Dr. Lydia K. Kualapai
Professor of English
Chair, English & World Languages
- Ph.D., University of Nebraska-Lincoln
- M.A., University of Nebraska-Lincoln
- B.A., University of Hawai'i-Hilo
PROFESSIONAL AREAS OF SPECIALTY
- "Cast in Print: The Nineteenth-Century Hawaiian Imaginary." An analysis of the discursive construction of Native Hawaiians in the nineteenth-century U.S. cultural imagination
- American Literature, Ethnic Studies, Critical Theory, and Postcolonial Fiction
- American literature, African American literature and art, Ethnic Literature, Pacific literature, critical theory, and composition and rhetoric
PERSONAL TEACHING STATEMENT
My teaching philosophy and methodology have, in large part, been shaped by my graduate research and life experiences. Investigating the intersections of race, culture, and colonialism has prepared me for multicultural teaching and, in some unexpected ways, transformed my instructional strategies and classroom dynamics.
Above all, I prioritize ethnic writers in my literature classes, not to enlighten students on "other" cultures, but to invite students to investigate their own reading practices and critical biases. To enable that investigation, I stress the importance of identifying each text's frame of production, locating ourselves as readers within the frame, and filtering the text through our personal locations. As a result, my approach to African American literature, for example, has evolved into an interdisciplinary project, incorporating art, music, film, and community speakers. My literature students routinely collaborate in their research and research presentations, engage in critical peer deliberation, synthesize course materials through their personal experiences and knowledge, and, in the process, teach me through their lives what I cannot learn elsewhere.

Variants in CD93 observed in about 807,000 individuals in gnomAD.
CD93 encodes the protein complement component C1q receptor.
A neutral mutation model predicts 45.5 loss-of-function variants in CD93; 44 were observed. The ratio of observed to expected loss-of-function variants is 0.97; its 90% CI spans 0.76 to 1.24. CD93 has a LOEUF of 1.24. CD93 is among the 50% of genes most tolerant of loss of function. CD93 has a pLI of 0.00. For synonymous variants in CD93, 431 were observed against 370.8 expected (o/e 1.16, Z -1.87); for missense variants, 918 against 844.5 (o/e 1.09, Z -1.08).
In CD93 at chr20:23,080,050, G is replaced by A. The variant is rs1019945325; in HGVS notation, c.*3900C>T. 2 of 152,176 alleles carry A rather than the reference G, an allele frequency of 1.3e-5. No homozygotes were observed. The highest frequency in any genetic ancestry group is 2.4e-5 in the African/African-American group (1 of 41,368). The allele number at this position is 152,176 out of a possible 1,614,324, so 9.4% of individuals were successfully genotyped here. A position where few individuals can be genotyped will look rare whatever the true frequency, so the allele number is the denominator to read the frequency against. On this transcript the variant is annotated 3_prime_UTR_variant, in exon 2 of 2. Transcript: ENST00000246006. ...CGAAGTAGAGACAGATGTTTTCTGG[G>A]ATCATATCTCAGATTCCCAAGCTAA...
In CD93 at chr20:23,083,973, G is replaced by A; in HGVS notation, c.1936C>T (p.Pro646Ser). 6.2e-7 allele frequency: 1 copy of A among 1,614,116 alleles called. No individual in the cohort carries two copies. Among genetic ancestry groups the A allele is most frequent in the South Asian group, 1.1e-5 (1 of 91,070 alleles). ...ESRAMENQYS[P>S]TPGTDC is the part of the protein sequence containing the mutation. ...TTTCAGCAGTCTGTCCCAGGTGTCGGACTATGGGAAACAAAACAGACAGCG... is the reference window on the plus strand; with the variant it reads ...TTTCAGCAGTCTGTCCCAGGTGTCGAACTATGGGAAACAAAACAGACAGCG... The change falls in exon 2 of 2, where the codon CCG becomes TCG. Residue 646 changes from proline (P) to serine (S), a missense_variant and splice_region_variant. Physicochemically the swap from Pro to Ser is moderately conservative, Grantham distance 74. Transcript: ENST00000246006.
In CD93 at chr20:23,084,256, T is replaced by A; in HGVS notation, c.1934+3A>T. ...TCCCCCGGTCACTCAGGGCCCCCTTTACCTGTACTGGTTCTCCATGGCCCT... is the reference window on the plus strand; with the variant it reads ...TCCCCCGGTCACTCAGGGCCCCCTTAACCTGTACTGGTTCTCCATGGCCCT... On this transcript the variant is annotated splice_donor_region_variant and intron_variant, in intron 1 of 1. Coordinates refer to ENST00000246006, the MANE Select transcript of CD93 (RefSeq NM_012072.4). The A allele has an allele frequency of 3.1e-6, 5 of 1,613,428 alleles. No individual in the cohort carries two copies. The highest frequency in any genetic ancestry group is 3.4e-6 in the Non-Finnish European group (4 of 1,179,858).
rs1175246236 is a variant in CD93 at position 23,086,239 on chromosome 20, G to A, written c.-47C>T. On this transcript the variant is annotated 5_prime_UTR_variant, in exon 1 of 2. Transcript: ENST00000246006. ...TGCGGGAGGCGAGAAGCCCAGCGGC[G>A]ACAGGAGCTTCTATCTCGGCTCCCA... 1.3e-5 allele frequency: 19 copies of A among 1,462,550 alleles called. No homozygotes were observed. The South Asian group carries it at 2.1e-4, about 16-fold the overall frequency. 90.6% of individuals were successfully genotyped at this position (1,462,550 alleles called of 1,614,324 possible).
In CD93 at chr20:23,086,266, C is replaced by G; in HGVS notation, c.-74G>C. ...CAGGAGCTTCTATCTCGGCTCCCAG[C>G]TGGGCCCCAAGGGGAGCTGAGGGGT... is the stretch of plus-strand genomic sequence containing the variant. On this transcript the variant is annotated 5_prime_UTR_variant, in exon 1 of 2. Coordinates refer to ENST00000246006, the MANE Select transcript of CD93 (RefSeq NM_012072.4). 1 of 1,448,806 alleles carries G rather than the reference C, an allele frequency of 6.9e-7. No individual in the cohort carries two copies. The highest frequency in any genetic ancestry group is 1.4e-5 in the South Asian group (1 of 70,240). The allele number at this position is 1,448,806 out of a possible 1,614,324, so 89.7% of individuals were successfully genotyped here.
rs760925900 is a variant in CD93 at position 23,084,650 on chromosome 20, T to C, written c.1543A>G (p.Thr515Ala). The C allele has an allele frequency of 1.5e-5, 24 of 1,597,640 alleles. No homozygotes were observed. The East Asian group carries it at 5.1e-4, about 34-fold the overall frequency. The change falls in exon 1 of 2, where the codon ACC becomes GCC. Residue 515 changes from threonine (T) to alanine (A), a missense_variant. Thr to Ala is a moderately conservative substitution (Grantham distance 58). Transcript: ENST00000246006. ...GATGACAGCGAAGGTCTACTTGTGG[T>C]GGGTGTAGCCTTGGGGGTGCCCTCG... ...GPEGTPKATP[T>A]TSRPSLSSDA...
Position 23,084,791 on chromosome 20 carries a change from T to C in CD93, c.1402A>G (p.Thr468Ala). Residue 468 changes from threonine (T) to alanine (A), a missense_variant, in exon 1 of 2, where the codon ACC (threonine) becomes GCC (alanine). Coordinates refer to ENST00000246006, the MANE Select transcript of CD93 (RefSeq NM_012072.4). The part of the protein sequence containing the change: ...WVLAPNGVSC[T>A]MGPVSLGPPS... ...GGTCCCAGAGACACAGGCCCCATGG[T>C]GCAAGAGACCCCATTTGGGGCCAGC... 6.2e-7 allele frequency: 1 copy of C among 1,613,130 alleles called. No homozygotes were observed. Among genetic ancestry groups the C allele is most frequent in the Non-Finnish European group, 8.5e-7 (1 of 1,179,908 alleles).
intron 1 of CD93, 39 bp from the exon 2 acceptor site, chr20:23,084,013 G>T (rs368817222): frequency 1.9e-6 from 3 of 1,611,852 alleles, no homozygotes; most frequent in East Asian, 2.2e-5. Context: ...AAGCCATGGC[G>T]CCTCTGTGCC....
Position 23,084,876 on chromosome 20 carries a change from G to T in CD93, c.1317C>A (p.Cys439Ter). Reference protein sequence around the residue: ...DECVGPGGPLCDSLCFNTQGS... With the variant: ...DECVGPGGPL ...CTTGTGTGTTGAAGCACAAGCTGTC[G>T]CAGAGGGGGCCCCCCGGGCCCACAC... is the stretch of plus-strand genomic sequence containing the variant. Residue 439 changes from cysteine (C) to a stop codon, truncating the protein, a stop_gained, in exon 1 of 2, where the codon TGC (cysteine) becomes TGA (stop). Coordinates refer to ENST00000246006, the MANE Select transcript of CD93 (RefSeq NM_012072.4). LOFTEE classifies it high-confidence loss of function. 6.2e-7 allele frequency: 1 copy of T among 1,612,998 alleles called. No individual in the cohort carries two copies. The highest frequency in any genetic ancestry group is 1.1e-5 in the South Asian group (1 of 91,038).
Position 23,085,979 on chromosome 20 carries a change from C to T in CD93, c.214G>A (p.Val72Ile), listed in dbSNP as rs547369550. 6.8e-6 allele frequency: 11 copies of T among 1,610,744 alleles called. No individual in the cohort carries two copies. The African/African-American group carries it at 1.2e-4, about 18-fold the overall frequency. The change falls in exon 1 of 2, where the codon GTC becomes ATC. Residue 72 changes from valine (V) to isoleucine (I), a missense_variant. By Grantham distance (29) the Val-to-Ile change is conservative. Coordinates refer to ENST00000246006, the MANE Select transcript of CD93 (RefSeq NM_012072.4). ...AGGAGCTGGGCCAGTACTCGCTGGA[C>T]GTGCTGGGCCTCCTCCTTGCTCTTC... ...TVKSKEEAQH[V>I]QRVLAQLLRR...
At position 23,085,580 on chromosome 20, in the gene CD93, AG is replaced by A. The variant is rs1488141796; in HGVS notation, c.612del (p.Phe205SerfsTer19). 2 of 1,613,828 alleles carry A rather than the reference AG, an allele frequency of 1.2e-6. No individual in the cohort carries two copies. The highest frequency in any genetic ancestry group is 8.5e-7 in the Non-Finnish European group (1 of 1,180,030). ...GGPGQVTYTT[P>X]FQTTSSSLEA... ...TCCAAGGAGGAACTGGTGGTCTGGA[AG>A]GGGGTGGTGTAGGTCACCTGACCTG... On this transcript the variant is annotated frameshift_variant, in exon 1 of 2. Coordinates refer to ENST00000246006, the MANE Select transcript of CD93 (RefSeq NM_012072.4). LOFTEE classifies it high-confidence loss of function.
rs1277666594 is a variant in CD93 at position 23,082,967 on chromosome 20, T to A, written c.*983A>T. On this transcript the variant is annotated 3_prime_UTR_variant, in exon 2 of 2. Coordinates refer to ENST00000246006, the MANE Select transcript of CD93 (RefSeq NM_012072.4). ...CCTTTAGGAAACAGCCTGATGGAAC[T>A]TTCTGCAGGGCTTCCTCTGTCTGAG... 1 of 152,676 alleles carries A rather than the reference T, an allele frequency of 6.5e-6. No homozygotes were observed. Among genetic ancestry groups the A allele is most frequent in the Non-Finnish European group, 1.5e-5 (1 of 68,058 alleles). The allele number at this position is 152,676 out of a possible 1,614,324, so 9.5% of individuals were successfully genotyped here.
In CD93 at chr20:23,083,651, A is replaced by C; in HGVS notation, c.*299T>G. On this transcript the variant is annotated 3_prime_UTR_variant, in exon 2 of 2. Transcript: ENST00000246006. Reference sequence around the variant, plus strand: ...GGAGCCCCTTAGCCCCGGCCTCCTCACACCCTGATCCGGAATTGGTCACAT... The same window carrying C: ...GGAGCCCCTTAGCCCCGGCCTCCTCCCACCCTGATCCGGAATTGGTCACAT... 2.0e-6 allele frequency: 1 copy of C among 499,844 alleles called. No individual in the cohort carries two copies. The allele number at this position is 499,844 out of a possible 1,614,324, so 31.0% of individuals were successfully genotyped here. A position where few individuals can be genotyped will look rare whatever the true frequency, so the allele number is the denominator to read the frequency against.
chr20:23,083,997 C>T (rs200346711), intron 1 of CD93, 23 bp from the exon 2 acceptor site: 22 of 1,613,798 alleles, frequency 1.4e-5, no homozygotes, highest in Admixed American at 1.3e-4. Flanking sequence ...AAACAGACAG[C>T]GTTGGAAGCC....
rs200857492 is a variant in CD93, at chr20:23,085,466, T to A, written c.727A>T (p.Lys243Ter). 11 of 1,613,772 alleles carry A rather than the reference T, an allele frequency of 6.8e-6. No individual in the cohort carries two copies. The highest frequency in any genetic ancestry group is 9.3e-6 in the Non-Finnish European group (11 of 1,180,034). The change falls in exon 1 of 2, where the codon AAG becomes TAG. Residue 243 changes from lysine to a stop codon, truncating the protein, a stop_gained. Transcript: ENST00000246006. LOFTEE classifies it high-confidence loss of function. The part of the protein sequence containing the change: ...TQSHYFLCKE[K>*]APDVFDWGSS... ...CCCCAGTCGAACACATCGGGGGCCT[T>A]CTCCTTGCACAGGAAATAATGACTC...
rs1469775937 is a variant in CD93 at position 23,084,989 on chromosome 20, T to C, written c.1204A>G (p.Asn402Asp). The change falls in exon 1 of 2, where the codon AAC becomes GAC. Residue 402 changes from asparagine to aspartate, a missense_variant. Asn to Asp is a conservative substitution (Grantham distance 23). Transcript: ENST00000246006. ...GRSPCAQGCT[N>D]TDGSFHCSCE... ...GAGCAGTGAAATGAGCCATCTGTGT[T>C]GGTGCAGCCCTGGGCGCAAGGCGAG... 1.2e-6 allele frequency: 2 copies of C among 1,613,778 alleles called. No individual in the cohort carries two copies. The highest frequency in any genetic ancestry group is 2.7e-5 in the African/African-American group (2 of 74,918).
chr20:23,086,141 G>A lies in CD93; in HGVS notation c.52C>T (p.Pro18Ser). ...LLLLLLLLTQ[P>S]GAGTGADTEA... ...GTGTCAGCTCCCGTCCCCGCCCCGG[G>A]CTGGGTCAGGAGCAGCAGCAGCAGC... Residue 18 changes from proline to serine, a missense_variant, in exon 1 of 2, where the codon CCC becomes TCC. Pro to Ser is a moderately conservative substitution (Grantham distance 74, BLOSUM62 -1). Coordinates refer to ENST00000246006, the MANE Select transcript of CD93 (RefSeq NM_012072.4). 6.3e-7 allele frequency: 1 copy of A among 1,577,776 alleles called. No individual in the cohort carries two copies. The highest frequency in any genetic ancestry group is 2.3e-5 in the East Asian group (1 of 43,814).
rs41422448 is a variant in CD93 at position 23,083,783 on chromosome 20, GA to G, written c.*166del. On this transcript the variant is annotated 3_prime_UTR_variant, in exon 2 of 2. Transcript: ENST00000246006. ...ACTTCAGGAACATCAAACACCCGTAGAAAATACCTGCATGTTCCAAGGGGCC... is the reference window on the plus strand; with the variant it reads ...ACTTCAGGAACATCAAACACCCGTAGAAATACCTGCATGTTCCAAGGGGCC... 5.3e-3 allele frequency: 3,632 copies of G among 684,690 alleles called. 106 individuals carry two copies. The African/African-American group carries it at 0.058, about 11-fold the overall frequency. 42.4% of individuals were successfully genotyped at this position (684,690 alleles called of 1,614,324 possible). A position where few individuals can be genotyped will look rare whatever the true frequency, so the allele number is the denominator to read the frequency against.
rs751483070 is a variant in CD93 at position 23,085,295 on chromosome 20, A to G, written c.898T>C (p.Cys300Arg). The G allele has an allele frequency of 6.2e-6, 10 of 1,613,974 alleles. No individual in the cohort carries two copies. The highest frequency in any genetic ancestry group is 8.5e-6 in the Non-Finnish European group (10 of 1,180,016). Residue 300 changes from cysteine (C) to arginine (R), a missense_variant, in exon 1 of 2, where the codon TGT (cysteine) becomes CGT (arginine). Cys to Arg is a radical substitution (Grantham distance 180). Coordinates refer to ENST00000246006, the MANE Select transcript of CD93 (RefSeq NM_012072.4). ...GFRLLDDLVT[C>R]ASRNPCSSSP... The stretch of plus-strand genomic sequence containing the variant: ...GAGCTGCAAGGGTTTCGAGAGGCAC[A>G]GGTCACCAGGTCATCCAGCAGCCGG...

My research has also influenced my approach to teaching composition. My first-year and advanced writing courses, for instance, center on the rhetoric of diversity and tolerance in the community dialog, with "community" defined in transitory terms most useful to the students. In terms of composition methodology, I incorporate critical thinking and contemporary social issues with open discussion, revision-based writing, peer review, and applied editing skills. In practical terms, my composition classes are typically lively and engaged, with full-class discussion, research analysis, small-group writing workshops, and partner-based editing sessions carrying us through the semester.
The capstone of my teaching philosophy is my belief that academic success is largely a reflection of how productively one interacts with the world at large. As a result, I am committed to the college classroom as an ideal place to learn and practice productive social interaction.